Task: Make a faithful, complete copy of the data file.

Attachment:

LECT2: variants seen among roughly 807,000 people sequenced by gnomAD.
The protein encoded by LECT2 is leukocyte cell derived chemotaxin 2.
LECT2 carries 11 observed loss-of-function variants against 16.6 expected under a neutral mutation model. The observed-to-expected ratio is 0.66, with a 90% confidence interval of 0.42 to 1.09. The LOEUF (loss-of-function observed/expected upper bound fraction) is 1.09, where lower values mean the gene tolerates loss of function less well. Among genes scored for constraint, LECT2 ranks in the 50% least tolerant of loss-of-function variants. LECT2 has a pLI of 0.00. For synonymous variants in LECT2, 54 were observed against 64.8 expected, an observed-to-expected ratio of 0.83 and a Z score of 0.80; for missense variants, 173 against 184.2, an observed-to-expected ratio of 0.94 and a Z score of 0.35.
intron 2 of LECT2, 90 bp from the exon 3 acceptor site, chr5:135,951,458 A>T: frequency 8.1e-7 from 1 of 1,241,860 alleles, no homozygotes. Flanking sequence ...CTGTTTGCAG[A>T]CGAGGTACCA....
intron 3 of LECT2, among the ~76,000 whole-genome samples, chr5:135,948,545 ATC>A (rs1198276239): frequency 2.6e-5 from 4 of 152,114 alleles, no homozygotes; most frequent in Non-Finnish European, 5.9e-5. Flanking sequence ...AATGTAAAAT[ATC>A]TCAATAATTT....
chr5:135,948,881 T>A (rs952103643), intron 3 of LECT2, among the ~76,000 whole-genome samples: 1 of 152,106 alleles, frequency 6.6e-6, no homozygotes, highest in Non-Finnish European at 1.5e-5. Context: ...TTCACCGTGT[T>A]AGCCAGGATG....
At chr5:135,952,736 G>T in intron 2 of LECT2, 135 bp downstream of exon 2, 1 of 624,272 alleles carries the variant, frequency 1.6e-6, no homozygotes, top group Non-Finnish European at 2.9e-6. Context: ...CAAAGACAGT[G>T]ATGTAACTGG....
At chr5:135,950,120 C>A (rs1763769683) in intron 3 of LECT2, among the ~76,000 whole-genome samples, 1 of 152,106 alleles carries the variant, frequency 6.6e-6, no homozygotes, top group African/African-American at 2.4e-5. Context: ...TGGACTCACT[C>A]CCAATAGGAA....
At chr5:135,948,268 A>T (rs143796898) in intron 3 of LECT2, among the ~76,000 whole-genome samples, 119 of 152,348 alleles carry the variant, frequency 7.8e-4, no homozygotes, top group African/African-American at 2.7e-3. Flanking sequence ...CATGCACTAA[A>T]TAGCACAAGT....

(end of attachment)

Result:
LECT2: variants seen among roughly 807,000 people sequenced by gnomAD.
The protein encoded by LECT2 is leukocyte cell derived chemotaxin 2.
LECT2 carries 11 observed loss-of-function variants against 16.6 expected under a neutral mutation model. The observed-to-expected ratio is 0.66, with a 90% confidence interval of 0.42 to 1.09. The LOEUF (loss-of-function observed/expected upper bound fraction) is 1.09, where lower values mean the gene tolerates loss of function less well. Among genes scored for constraint, LECT2 ranks in the 50% least tolerant of loss-of-function variants. LECT2 has a pLI of 0.00. For synonymous variants in LECT2, 54 were observed against 64.8 expected, an observed-to-expected ratio of 0.83 and a Z score of 0.80; for missense variants, 173 against 184.2, an observed-to-expected ratio of 0.94 and a Z score of 0.35.
intron 2 of LECT2, 90 bp from the exon 3 acceptor site, chr5:135,951,458 A>T: frequency 8.1e-7 from 1 of 1,241,860 alleles, no homozygotes. Flanking sequence ...CTGTTTGCAG[A>T]CGAGGTACCA....
intron 3 of LECT2, among the ~76,000 whole-genome samples, chr5:135,948,545 ATC>A (rs1198276239): frequency 2.6e-5 from 4 of 152,114 alleles, no homozygotes; most frequent in Non-Finnish European, 5.9e-5. Flanking sequence ...AATGTAAAAT[ATC>A]TCAATAATTT....
chr5:135,948,881 T>A (rs952103643), intron 3 of LECT2, among the ~76,000 whole-genome samples: 1 of 152,106 alleles, frequency 6.6e-6, no homozygotes, highest in Non-Finnish European at 1.5e-5. Context: ...TTCACCGTGT[T>A]AGCCAGGATG....
At chr5:135,952,736 G>T in intron 2 of LECT2, 135 bp downstream of exon 2, 1 of 624,272 alleles carries the variant, frequency 1.6e-6, no homozygotes, top group Non-Finnish European at 2.9e-6. Context: ...CAAAGACAGT[G>T]ATGTAACTGG....
At chr5:135,950,120 C>A (rs1763769683) in intron 3 of LECT2, among the ~76,000 whole-genome samples, 1 of 152,106 alleles carries the variant, frequency 6.6e-6, no homozygotes, top group African/African-American at 2.4e-5. Context: ...TGGACTCACT[C>A]CCAATAGGAA....
At chr5:135,948,268 A>T (rs143796898) in intron 3 of LECT2, among the ~76,000 whole-genome samples, 119 of 152,348 alleles carry the variant, frequency 7.8e-4, no homozygotes, top group African/African-American at 2.7e-3. Flanking sequence ...CATGCACTAA[A>T]TAGCACAAGT....